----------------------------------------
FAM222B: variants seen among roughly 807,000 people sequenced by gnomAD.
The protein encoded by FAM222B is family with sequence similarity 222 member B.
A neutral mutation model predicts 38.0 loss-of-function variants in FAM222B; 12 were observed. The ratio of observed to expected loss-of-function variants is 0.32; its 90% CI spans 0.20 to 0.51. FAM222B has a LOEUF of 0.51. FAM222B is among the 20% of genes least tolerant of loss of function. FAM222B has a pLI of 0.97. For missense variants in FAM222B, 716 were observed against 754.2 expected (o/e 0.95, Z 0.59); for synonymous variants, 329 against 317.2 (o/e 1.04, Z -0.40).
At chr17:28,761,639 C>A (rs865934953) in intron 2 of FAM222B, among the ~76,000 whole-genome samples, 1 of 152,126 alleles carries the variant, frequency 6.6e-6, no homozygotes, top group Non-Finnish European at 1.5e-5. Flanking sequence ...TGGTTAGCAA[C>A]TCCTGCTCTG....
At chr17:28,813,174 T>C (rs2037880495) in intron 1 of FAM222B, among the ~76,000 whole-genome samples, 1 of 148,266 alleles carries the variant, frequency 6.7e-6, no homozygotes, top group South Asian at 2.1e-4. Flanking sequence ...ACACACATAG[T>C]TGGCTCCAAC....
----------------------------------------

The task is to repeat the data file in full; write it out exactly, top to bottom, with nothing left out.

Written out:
FAM222B: variants seen among roughly 807,000 people sequenced by gnomAD.
The protein encoded by FAM222B is family with sequence similarity 222 member B.
A neutral mutation model predicts 38.0 loss-of-function variants in FAM222B; 12 were observed. The ratio of observed to expected loss-of-function variants is 0.32; its 90% CI spans 0.20 to 0.51. FAM222B has a LOEUF of 0.51. FAM222B is among the 20% of genes least tolerant of loss of function. FAM222B has a pLI of 0.97. For missense variants in FAM222B, 716 were observed against 754.2 expected (o/e 0.95, Z 0.59); for synonymous variants, 329 against 317.2 (o/e 1.04, Z -0.40).
At chr17:28,761,639 C>A (rs865934953) in intron 2 of FAM222B, among the ~76,000 whole-genome samples, 1 of 152,126 alleles carries the variant, frequency 6.6e-6, no homozygotes, top group Non-Finnish European at 1.5e-5. Flanking sequence ...TGGTTAGCAA[C>A]TCCTGCTCTG....
At chr17:28,813,174 T>C (rs2037880495) in intron 1 of FAM222B, among the ~76,000 whole-genome samples, 1 of 148,266 alleles carries the variant, frequency 6.7e-6, no homozygotes, top group South Asian at 2.1e-4. Flanking sequence ...ACACACATAG[T>C]TGGCTCCAAC....